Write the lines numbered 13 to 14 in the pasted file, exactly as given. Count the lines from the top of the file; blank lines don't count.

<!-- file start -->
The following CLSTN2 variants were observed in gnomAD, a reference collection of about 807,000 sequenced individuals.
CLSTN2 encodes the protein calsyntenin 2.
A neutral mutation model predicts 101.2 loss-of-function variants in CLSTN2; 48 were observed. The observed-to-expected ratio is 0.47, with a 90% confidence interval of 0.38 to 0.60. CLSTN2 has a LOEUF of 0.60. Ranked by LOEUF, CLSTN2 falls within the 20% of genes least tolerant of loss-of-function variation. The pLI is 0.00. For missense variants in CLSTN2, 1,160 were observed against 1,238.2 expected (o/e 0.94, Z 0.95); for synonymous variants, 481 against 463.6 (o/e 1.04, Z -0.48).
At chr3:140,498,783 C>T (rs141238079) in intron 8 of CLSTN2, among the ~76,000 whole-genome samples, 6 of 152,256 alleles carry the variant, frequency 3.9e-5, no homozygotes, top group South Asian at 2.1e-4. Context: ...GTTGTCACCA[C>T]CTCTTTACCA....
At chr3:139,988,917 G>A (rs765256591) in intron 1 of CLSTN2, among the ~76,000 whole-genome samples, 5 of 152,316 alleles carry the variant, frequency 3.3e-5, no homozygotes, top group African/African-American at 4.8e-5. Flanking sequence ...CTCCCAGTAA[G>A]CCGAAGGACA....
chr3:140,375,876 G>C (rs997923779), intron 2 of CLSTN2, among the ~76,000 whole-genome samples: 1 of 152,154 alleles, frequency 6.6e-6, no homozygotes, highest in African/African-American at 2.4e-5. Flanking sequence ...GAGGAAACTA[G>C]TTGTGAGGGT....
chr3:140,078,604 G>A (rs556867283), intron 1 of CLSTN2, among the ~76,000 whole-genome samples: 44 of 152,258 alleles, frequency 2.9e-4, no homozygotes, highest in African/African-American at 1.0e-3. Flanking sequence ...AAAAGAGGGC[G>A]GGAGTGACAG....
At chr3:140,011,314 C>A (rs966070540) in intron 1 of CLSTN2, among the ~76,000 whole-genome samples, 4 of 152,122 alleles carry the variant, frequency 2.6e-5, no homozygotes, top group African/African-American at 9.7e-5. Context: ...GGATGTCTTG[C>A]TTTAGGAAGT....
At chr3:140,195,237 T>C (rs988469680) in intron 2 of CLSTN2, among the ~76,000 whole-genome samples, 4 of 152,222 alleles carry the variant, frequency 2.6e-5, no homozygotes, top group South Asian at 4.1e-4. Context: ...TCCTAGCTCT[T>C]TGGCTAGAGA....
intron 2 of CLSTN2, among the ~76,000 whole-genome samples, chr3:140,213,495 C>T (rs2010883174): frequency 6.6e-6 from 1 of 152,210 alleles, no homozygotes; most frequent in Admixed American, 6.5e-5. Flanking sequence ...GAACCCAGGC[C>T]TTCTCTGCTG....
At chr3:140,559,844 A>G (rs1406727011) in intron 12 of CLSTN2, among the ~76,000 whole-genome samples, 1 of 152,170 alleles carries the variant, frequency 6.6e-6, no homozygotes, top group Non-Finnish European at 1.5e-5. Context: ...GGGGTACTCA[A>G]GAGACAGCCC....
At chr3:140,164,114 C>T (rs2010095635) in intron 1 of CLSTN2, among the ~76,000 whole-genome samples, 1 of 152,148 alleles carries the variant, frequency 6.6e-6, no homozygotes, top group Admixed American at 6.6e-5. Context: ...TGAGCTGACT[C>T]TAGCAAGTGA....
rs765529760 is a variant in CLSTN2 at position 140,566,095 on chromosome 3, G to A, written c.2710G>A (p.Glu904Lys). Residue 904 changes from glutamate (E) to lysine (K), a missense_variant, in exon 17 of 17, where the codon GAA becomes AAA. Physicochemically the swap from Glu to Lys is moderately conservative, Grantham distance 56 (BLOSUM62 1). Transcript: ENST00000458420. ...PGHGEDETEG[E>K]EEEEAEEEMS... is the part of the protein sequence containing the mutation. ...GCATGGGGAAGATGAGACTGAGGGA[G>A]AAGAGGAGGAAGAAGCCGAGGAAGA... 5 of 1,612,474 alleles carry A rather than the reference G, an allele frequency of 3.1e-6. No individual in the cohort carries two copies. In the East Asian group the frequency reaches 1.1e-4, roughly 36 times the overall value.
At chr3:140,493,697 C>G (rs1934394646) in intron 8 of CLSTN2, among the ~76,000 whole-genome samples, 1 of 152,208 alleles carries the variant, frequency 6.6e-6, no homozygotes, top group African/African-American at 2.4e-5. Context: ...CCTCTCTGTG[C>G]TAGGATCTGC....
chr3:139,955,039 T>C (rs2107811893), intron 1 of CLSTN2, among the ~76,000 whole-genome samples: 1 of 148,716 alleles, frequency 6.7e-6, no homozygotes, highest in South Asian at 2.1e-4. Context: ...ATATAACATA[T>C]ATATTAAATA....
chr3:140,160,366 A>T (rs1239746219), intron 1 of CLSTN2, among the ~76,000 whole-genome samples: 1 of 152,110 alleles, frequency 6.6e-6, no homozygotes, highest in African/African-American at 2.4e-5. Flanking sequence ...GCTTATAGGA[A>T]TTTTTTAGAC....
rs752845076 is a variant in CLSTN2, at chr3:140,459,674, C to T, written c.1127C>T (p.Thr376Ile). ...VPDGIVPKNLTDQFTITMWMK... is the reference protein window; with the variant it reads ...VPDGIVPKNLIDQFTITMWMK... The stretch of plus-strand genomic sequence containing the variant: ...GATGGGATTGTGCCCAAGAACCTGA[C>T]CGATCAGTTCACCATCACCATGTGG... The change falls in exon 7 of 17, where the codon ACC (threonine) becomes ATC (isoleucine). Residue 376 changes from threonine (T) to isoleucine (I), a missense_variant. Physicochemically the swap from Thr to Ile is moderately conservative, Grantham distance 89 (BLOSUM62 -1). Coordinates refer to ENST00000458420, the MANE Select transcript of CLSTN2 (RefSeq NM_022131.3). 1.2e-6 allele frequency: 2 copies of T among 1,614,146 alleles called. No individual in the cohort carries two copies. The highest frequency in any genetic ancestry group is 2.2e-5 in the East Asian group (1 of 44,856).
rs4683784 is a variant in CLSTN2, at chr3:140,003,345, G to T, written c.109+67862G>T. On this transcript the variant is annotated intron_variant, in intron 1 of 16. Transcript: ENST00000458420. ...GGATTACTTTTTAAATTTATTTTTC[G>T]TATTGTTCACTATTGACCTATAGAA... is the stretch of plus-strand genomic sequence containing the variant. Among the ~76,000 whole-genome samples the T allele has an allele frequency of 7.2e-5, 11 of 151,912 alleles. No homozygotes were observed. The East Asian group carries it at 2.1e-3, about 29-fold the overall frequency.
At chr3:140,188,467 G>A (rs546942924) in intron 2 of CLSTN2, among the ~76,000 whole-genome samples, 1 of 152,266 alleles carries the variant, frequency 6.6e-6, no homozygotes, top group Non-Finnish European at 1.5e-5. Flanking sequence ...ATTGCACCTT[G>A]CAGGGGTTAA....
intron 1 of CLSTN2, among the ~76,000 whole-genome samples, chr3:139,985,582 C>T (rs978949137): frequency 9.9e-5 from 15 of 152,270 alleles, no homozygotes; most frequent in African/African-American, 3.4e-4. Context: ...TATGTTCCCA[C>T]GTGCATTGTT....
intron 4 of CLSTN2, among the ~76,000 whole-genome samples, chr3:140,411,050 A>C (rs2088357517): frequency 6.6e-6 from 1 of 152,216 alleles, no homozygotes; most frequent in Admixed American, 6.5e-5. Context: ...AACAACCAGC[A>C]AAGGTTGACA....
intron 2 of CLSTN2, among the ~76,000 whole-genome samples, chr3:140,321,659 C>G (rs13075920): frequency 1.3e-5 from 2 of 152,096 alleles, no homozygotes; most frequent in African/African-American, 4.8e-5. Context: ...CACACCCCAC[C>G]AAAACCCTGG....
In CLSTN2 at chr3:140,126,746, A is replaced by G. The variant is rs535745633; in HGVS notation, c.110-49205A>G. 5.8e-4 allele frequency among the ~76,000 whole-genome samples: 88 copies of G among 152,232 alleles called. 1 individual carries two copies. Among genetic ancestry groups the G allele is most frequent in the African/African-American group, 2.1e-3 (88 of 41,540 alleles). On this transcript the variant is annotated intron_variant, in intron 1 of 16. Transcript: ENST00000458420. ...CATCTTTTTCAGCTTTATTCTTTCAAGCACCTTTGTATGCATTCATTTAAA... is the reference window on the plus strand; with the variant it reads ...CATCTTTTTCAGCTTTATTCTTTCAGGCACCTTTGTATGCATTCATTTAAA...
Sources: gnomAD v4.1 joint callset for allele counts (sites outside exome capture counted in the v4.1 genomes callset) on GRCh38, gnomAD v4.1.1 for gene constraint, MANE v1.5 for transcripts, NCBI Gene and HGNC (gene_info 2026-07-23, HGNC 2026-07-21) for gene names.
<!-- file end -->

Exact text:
rs765529760 is a variant in CLSTN2 at position 140,566,095 on chromosome 3, G to A, written c.2710G>A (p.Glu904Lys). Residue 904 changes from glutamate (E) to lysine (K), a missense_variant, in exon 17 of 17, where the codon GAA becomes AAA. Physicochemically the swap from Glu to Lys is moderately conservative, Grantham distance 56 (BLOSUM62 1). Transcript: ENST00000458420. ...PGHGEDETEG[E>K]EEEEAEEEMS... is the part of the protein sequence containing the mutation. ...GCATGGGGAAGATGAGACTGAGGGA[G>A]AAGAGGAGGAAGAAGCCGAGGAAGA... 5 of 1,612,474 alleles carry A rather than the reference G, an allele frequency of 3.1e-6. No individual in the cohort carries two copies. In the East Asian group the frequency reaches 1.1e-4, roughly 36 times the overall value.
At chr3:140,493,697 C>G (rs1934394646) in intron 8 of CLSTN2, among the ~76,000 whole-genome samples, 1 of 152,208 alleles carries the variant, frequency 6.6e-6, no homozygotes, top group African/African-American at 2.4e-5. Context: ...CCTCTCTGTG[C>G]TAGGATCTGC....